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Growing Pains I

I would have given anything to change. Not primarily because I was worried about what my friends or my family or society would think about me (a fear commonly referred to as “internalized homophobia”) but because I wanted to change. Not that I didn’t care what people would think of me. To the contrary: I was scared to death of being rejected. But I’m just not the conformist type, and my fear of rejection wasn’t motivation enough for me to change myself. The desire to change came from within.

Sometime later, I decided to share this struggle with a counselor I had been seeing for clinical depression. It took me two sessions of staring at the floor in silence before I could drum up enough guts to tell him what was going on inside me. Besides the fact that he didn’t reject me, which to me was an act of heroism in itself, my counselor explained that homosexuals can change. In fact, he had personally counseled many of them through that process.

Wow!

Although the human brain is far too complex to explain homosexual development with a single theory, he told me that, in some cases, men who experience homosexual attractions are, unconsciously, trying to recover their father’s love in the arms of another man, and women with homosexual attractions are looking for their mother’s love in the arms of another woman. This phenomenon, he explained, is why so many people who experience homosexual attractions report poor relationships with their same-sex parents or peers. The unmet need for love and affirmation from someone of our own gender somehow becomes eroticized when we hit puberty.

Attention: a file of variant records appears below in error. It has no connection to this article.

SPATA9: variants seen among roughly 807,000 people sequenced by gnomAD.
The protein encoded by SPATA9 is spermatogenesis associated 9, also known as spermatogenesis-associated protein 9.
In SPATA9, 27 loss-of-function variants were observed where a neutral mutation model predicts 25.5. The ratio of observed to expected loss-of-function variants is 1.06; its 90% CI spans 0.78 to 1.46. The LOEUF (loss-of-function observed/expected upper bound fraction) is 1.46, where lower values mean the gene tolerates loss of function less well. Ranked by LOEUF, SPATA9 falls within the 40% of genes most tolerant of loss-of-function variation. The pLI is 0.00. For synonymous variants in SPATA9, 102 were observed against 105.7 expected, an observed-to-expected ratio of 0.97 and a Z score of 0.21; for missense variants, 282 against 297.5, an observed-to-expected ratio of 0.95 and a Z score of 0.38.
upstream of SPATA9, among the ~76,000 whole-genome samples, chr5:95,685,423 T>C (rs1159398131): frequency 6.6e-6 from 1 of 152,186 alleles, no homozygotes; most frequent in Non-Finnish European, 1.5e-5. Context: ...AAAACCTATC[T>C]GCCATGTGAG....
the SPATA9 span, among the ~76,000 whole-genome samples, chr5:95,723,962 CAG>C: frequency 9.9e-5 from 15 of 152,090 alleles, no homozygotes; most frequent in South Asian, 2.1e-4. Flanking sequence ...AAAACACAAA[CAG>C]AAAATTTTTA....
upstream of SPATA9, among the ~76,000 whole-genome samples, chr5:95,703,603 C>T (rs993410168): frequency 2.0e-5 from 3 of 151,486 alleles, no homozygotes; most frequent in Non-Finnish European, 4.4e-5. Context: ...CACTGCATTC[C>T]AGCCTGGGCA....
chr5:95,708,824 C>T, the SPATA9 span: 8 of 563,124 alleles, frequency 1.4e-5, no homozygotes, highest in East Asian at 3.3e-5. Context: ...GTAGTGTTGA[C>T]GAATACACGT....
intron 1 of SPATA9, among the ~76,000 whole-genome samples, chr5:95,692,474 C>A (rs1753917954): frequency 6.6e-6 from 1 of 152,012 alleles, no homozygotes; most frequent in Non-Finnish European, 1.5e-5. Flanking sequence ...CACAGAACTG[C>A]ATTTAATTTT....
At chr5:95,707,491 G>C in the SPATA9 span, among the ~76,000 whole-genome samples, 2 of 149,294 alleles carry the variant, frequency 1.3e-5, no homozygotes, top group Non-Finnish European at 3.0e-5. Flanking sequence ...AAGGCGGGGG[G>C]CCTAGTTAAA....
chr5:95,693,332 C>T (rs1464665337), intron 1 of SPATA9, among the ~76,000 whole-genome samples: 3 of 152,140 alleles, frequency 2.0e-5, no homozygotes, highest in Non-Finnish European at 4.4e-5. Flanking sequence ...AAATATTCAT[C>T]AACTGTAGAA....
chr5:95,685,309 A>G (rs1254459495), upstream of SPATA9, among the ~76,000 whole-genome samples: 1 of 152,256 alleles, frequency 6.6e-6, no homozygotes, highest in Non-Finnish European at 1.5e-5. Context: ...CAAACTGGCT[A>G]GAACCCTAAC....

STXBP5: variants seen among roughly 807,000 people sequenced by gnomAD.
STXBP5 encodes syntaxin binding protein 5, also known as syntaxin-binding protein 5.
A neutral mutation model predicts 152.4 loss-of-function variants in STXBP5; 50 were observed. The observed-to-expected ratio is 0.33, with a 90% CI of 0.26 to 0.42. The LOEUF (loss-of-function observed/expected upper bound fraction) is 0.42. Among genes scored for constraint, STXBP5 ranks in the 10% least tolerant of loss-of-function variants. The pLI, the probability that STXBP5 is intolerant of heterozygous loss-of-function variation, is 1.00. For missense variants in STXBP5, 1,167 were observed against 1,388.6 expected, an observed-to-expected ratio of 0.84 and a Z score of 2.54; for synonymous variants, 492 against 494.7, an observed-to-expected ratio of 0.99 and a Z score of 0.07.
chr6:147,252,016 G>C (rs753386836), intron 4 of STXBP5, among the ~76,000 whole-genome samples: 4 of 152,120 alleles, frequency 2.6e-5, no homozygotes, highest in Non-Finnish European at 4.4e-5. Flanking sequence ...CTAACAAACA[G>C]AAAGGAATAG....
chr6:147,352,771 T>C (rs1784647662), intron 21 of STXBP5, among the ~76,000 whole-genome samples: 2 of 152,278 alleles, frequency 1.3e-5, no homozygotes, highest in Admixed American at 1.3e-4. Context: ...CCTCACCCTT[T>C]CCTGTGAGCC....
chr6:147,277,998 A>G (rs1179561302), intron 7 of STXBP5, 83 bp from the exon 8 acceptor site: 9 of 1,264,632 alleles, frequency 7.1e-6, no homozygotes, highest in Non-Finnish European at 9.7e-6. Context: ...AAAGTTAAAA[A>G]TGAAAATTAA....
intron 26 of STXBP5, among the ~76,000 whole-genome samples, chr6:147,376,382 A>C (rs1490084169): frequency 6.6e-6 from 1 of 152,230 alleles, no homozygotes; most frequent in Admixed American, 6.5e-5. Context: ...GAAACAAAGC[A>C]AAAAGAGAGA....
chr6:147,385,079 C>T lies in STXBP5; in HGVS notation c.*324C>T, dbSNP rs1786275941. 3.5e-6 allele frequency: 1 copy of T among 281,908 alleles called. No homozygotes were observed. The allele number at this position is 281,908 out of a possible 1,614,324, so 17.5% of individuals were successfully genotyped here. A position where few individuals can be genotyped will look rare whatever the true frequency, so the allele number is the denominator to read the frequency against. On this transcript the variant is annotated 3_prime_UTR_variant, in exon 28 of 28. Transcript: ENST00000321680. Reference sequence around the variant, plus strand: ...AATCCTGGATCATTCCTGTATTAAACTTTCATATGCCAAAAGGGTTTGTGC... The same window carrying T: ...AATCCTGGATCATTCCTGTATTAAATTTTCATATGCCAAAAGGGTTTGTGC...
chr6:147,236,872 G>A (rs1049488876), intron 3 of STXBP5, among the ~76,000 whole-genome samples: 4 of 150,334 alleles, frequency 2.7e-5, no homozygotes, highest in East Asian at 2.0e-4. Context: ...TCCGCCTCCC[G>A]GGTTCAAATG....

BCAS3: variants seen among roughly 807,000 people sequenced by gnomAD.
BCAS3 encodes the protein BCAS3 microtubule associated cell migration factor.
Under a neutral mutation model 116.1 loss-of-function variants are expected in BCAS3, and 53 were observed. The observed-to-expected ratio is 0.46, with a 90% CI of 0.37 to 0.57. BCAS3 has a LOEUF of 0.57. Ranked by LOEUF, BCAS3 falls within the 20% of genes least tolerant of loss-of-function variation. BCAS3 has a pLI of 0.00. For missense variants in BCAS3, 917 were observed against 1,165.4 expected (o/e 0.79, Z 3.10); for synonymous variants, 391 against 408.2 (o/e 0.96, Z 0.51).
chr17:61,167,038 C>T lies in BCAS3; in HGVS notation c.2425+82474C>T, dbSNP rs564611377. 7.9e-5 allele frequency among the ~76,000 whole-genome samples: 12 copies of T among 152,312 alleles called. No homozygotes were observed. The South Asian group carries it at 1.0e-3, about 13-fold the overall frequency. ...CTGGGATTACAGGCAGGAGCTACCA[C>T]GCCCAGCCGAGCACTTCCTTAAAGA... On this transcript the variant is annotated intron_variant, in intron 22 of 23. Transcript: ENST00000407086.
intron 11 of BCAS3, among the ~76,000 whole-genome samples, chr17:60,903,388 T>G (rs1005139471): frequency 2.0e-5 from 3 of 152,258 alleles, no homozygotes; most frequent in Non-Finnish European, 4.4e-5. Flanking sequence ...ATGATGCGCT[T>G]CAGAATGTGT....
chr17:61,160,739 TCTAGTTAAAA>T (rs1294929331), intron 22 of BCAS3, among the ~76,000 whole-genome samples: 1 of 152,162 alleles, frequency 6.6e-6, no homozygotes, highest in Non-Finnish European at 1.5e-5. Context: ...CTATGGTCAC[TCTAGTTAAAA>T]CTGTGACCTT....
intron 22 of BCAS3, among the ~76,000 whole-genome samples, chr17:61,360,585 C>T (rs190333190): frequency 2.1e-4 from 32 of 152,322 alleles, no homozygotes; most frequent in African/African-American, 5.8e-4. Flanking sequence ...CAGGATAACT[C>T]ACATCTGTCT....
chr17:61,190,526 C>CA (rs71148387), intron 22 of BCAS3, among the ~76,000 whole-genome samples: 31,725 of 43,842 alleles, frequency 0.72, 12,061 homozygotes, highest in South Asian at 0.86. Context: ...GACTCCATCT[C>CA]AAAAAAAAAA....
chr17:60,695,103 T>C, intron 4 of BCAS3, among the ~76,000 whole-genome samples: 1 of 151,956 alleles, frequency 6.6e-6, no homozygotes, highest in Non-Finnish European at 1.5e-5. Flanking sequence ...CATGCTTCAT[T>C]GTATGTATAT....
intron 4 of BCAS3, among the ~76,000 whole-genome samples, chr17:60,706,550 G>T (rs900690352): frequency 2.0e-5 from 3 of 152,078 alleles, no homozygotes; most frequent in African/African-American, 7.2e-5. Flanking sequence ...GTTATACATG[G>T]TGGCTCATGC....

This was me growing up. When I reached adolescence, my body started telling me that I wanted sex from a man, but in my heart I knew it wasn’t about sex. Even before adolescence, when I used to fantasize about certain men I looked up to and respected, I didn’t fantasize about sex. My fantasy was that a man would just wrap his arms around me, look me in the eye, and tell me that I meant something to him.

That’s what I was missing.

It wasn’t a desire for sex; it was a desire for genuine love and affirmation from someone of my own gender, and I’ve found that as those needs get met, my homosexual desires fade.

CHAD W. THOMPSON
Loving Homosexuals as Jesus Would (2004) Brazos Press: Grand Rapids, Michigan

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